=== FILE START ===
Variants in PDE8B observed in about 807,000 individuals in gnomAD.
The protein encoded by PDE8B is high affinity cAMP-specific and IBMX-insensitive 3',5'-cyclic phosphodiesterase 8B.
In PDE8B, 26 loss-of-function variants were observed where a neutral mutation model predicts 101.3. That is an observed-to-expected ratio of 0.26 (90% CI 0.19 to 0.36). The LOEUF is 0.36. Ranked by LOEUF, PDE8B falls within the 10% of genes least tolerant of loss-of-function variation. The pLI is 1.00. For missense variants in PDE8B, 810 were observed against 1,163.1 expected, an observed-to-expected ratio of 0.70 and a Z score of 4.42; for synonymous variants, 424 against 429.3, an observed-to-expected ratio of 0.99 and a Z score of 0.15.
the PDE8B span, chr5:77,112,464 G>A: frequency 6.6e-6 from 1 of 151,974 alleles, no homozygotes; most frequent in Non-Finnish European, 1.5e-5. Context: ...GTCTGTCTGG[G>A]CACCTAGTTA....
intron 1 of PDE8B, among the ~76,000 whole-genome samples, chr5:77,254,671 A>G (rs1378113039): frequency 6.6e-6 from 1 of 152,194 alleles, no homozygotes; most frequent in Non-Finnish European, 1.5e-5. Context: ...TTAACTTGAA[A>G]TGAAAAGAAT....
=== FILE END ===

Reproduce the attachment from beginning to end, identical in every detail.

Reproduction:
Variants in PDE8B observed in about 807,000 individuals in gnomAD.
The protein encoded by PDE8B is high affinity cAMP-specific and IBMX-insensitive 3',5'-cyclic phosphodiesterase 8B.
In PDE8B, 26 loss-of-function variants were observed where a neutral mutation model predicts 101.3. That is an observed-to-expected ratio of 0.26 (90% CI 0.19 to 0.36). The LOEUF is 0.36. Ranked by LOEUF, PDE8B falls within the 10% of genes least tolerant of loss-of-function variation. The pLI is 1.00. For missense variants in PDE8B, 810 were observed against 1,163.1 expected, an observed-to-expected ratio of 0.70 and a Z score of 4.42; for synonymous variants, 424 against 429.3, an observed-to-expected ratio of 0.99 and a Z score of 0.15.
the PDE8B span, chr5:77,112,464 G>A: frequency 6.6e-6 from 1 of 151,974 alleles, no homozygotes; most frequent in Non-Finnish European, 1.5e-5. Context: ...GTCTGTCTGG[G>A]CACCTAGTTA....
intron 1 of PDE8B, among the ~76,000 whole-genome samples, chr5:77,254,671 A>G (rs1378113039): frequency 6.6e-6 from 1 of 152,194 alleles, no homozygotes; most frequent in Non-Finnish European, 1.5e-5. Context: ...TTAACTTGAA[A>G]TGAAAAGAAT....